The controversial study was conducted back in 2012 and used Facebook to see if moods can be transferred without face-to-face interaction.
For one week (11- 18 January 2012), nearly 700,000 news feeds were controlled by Facebook in order to reduce either negative or positive posts and then monitored how users responded, according to a published study called “Experimental evidence of massive-scale emotional contagion through social networks.”
Some users were shown content predominately made up of happy and positive words, while some were shown content analyzed as sadder than average. And, at the conclusion of the week, these manipulated users were more likely to post either especially positive or negative words themselves.
The study, conducted by researchers affiliated with Facebook at Cornell University and the University of California at San Francisco, appeared in the 17 June edition of the Proceedings of the National Academy of Sciences.
According to the research, when users were exposed to fewer positive posts, their own posts were more negative; when users were exposed to fewer negative posts, their own posts were more positive. The study also found that when users were not exposed to positively or negatively- charged posts, their own posts became less expressive.
The researchers said posts were filtered by the amount of positive or negative words used.
“Posts were determined to be positive or negative if they contained at least one positive or negative word…,” according to the study’s abstract.
Overall, researchers claimed the significance of the study is that it suggests emotions can be transferred without face-to-face interaction, without any nonverbal cues.
"Emotional states can be transferred to others via emotional contagion, leading people to experience the same emotions without their awareness," the study's authors wrote.
"These results indicate that emotions expressed by others on Facebook influence our own emotions, constituting experimental evidence for massive-scale contagion via social networks."
Despite the backlash over user manipulation, which appears legal and adheres to Facebook's terms of service, Facebook defended the research in a statement, writing: "This research was conducted for a single week in 2012 and none of the data used was associated with a specific person's Facebook account."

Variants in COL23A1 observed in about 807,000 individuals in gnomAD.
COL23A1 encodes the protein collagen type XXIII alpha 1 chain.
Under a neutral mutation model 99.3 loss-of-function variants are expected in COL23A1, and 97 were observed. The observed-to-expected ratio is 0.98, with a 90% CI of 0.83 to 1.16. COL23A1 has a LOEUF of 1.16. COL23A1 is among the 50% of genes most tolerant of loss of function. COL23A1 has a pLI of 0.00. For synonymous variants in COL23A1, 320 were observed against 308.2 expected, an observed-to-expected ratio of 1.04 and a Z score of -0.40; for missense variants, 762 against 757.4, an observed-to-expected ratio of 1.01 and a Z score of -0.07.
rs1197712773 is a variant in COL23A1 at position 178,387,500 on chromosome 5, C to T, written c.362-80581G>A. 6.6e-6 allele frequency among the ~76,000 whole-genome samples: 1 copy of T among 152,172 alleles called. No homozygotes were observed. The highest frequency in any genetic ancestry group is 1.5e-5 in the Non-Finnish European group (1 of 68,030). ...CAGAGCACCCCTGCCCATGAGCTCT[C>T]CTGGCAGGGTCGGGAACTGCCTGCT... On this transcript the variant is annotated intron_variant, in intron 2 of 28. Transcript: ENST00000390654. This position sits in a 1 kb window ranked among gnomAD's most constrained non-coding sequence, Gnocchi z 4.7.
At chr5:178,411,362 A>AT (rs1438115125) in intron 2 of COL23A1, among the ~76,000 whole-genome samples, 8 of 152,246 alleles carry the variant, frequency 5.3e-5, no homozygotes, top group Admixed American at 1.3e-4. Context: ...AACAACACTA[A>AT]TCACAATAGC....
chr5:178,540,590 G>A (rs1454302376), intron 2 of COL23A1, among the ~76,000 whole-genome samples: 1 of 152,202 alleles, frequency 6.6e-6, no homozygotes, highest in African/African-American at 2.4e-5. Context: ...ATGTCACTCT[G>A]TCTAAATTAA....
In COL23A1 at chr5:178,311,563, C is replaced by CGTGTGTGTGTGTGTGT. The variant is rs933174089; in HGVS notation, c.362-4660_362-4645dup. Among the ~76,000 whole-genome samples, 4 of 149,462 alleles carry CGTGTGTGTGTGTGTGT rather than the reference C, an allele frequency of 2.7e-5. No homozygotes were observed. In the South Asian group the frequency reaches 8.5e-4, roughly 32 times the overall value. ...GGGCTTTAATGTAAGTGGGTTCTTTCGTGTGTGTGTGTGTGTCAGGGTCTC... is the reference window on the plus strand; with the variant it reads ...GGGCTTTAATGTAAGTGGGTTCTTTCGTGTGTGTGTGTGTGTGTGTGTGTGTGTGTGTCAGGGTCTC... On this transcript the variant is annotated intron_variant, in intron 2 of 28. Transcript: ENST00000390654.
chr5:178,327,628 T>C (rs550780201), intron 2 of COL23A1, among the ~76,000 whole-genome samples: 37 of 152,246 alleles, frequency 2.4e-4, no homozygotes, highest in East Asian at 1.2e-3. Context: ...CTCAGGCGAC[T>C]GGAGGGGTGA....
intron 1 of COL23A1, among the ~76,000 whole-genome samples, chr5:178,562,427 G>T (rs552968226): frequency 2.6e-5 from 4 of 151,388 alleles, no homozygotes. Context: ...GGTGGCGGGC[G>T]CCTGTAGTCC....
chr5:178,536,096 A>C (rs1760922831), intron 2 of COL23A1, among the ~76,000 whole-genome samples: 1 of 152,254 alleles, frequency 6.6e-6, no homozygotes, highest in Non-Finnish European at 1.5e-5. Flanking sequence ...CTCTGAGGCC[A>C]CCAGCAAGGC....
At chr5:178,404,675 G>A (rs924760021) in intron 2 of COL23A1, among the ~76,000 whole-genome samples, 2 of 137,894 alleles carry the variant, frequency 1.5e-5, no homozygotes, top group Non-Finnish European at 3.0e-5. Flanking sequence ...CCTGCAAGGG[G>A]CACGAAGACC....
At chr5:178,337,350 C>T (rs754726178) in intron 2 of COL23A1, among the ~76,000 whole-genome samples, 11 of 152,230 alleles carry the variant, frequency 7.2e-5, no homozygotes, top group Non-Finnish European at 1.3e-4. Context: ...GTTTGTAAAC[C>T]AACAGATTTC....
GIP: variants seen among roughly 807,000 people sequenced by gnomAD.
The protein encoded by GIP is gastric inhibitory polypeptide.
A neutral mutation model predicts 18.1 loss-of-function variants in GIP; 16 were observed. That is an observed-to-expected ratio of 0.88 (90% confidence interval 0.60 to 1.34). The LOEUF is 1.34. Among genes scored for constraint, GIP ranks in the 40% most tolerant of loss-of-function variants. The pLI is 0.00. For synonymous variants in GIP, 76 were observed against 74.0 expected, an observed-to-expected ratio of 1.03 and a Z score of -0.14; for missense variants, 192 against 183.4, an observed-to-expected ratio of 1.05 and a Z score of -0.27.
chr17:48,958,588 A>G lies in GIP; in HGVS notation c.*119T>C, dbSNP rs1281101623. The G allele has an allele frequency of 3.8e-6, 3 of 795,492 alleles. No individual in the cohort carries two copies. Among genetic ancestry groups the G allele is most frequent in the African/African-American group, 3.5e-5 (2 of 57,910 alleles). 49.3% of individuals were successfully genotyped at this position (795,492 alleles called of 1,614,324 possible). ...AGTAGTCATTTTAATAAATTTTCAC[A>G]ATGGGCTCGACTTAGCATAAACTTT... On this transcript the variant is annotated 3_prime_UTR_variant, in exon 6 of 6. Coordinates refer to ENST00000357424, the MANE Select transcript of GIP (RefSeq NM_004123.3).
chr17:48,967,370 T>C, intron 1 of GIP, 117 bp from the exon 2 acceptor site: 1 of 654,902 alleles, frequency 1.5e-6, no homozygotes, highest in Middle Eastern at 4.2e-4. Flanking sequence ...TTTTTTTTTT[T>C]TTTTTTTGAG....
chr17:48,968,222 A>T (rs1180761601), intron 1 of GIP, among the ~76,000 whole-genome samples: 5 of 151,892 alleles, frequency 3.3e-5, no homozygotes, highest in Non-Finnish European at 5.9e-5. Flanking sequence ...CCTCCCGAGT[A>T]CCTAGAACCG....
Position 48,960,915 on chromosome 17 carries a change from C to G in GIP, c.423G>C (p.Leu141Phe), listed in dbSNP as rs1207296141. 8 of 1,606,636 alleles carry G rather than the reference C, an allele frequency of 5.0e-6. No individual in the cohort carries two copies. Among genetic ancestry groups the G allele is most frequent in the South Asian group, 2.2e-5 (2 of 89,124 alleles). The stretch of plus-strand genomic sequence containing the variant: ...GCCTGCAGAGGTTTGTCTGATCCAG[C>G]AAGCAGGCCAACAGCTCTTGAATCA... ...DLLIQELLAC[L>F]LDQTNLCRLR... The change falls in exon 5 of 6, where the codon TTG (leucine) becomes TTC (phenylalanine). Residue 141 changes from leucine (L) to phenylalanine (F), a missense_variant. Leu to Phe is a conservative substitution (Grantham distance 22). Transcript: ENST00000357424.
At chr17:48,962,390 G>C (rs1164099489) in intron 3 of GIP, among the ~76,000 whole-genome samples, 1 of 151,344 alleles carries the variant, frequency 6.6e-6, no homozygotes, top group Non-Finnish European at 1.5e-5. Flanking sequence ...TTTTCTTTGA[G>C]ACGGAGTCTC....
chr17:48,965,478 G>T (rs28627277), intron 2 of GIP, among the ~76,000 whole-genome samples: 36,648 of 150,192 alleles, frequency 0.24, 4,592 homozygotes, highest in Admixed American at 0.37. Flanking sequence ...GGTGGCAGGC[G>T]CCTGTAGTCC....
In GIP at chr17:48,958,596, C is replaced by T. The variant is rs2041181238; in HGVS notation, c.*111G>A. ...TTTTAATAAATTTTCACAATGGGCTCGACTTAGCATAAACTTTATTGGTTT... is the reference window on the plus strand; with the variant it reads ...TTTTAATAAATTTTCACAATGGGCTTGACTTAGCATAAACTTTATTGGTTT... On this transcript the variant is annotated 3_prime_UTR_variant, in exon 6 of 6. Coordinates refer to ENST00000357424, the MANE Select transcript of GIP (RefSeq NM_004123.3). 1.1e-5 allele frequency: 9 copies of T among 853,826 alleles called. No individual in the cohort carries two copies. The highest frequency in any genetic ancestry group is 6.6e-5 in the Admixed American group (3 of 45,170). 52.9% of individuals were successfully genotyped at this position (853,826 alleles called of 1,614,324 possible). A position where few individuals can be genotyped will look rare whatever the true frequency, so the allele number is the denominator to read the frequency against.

"We do research to improve our services and to make the content people see on Facebook as relevant and engaging as possible.
"A big part of this is understanding how people respond to different types of content, whether it's positive or negative in tone, news from friends, or information from pages they follow.
"We carefully consider what research we do and have a strong internal review process."
In the paper, the researchers said the study "was consistent with Facebook's Data Use Policy, to which all users agree prior to creating an account on Facebook".
You can check out the full text here.
Some Facebook users have taken to social media to vent their anger, and even have even called on others to leave Facebook altogether after what some see as a breach of trust.
Get off Facebook. Get your family off Facebook. If you work there, quit. They're fucking awful.— Erin Kissane (@kissane) June 28, 2014
If you're a libertarian who thinks govt power is the only kind that can be abused & the market will solve everything --> #FacebookExperiment— Anonymous (@YourAnonNews) June 29, 2014
In the wake of both the Snowden stuff and the Cuba twitter stuff, the Facebook "transmission of anger" experiment is terrifying.— Clay Johnson (@cjoh) June 28, 2014
One of the researchers were also concerned that exposure to friends’ negativity might lead people to avoid visiting Facebook.
"Regarding methodology, our research sought to investigate the above claim by very minimally deprioritizing a small percentage of content in News Feed (based on whether there was an emotional word in the post) for a group of people (about 0.04% of users, or 1 in 2500) for a short period (one week, in early 2012)," Researcher Adam Kramer wrote on his Facebook page.
"Nobody's posts were "hidden," they just didn't show up on some loads of Feed. Those posts were always visible on friends' timelines, and could have shown up on subsequent News Feed loads. And we found the exact opposite to what was then the conventional wisdom: Seeing a certain kind of emotion (positive) encourages it rather than suppresses is.
"And at the end of the day, the actual impact on people in the experiment was the minimal amount to statistically detect it -- the result was that people produced an average of one fewer emotional word, per thousand words, over the following week.
"The goal of all of our research at Facebook is to learn how to provide a better service. Having written and designed this experiment myself, I can tell you that our goal was never to upset anyone. I can understand why some people have concerns about it, and my coauthors and I are very sorry for the way the paper described the research and any anxiety it caused. In hindsight, the research benefits of the paper may not have justified all of this anxiety.
"While we’ve always considered what research we do carefully, we (not just me, several other researchers at Facebook) have been working on improving our internal review practices.
"The experiment in question was run in early 2012, and we have come a long way since then. Those review practices will also incorporate what we’ve learned from the reaction to this paper."